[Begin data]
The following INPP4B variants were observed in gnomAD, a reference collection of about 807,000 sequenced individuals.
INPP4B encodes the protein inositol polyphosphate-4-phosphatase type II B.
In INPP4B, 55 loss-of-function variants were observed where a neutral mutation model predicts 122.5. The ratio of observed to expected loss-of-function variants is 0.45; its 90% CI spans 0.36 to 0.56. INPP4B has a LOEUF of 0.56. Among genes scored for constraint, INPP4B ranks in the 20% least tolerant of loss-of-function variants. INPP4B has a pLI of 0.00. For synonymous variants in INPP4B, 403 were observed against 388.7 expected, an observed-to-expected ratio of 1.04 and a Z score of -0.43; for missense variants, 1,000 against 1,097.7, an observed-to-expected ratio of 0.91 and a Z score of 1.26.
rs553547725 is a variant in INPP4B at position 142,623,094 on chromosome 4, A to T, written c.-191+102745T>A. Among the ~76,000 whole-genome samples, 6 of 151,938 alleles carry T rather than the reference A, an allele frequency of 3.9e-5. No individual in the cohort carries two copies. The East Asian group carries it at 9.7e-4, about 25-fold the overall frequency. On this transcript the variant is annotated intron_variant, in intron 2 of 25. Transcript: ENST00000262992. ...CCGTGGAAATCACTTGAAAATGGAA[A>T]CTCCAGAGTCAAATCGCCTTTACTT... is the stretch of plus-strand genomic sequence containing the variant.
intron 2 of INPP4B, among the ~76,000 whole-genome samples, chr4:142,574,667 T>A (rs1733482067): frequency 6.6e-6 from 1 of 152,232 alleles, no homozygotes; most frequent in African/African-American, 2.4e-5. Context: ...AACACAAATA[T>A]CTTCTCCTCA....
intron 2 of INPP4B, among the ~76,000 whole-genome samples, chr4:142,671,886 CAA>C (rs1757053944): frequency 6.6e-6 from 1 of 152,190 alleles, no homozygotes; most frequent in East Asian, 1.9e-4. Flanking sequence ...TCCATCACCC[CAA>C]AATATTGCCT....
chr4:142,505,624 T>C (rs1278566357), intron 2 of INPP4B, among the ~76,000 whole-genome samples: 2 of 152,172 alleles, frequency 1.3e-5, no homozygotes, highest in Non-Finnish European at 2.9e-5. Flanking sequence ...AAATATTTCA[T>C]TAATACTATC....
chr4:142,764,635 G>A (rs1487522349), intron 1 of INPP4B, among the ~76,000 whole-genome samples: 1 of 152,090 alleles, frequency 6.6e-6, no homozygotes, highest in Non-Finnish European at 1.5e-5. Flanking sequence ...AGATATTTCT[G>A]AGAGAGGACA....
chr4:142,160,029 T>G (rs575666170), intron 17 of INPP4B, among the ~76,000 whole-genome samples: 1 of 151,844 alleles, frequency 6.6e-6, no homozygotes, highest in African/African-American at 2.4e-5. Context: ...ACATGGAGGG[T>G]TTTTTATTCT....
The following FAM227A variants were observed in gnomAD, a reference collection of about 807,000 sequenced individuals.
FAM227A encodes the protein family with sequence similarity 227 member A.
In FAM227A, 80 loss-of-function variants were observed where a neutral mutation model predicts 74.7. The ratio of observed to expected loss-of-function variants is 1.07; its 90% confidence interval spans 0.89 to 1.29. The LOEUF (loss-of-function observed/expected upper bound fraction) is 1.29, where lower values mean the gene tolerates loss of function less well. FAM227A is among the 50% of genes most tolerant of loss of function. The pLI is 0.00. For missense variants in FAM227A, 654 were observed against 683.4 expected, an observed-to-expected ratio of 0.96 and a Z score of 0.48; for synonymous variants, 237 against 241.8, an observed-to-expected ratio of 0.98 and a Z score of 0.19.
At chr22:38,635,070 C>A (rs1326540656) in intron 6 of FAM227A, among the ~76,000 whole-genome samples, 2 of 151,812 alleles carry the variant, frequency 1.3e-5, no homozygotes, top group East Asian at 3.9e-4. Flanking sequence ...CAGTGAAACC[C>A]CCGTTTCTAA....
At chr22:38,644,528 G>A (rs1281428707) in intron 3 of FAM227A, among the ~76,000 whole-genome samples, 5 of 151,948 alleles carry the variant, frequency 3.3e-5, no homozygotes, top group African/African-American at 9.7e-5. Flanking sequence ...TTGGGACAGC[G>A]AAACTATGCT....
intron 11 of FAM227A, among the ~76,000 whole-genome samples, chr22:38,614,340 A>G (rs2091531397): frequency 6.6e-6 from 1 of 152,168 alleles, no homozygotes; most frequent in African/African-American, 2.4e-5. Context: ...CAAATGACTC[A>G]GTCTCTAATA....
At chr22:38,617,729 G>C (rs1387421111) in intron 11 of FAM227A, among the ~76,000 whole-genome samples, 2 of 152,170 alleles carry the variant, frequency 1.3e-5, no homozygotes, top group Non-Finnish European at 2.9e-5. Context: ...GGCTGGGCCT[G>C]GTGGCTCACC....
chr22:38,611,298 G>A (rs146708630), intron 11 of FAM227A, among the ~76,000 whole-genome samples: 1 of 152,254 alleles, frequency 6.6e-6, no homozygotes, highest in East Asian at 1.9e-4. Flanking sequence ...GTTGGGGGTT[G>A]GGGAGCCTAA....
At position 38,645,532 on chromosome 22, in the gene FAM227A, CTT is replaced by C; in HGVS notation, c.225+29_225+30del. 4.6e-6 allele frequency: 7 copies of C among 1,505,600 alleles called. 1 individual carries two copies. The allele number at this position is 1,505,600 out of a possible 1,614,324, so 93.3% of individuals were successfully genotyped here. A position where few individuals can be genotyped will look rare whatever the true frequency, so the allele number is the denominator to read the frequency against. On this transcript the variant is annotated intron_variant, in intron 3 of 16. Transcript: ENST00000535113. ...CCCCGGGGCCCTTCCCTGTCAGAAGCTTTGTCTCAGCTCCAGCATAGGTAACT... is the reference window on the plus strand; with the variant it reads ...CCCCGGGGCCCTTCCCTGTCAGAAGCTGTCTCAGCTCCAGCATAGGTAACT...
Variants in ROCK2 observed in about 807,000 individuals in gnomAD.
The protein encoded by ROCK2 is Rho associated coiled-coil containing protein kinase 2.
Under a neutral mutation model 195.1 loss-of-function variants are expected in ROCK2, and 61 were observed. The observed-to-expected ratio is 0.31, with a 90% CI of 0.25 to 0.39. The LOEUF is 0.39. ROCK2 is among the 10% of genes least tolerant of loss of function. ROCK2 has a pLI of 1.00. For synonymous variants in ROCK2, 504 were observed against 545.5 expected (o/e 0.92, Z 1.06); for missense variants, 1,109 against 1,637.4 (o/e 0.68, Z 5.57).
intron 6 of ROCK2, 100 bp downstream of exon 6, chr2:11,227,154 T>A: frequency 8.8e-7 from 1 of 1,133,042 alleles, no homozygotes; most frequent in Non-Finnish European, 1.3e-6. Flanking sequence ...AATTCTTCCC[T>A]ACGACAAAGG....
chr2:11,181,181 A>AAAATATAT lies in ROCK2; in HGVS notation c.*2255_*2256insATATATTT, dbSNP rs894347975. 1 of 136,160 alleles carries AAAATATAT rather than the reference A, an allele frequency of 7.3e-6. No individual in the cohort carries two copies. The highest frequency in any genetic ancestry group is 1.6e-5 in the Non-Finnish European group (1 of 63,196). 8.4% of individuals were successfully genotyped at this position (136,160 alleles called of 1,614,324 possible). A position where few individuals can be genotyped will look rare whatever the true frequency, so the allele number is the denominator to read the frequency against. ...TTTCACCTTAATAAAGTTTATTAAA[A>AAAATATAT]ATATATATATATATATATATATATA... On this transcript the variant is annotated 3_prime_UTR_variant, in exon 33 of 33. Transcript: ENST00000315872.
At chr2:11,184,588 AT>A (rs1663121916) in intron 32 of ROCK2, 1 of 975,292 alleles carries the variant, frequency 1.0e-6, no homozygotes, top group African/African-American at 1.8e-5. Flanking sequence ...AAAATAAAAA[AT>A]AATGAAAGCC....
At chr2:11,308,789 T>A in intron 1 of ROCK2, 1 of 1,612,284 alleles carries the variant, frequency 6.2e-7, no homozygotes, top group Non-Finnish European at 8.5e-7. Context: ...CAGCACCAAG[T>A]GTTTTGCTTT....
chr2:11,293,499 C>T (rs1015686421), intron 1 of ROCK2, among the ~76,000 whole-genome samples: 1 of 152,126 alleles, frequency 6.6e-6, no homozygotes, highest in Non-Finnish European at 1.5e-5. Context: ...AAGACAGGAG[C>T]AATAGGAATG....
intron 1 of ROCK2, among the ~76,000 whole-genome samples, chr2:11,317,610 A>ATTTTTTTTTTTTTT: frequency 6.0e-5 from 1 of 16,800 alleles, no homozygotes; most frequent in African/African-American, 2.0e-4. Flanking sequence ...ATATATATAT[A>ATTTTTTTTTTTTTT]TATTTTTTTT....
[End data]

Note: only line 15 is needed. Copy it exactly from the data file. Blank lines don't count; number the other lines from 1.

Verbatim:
intron 11 of FAM227A, among the ~76,000 whole-genome samples, chr22:38,614,340 A>G (rs2091531397): frequency 6.6e-6 from 1 of 152,168 alleles, no homozygotes; most frequent in African/African-American, 2.4e-5. Context: ...CAAATGACTC[A>G]GTCTCTAATA....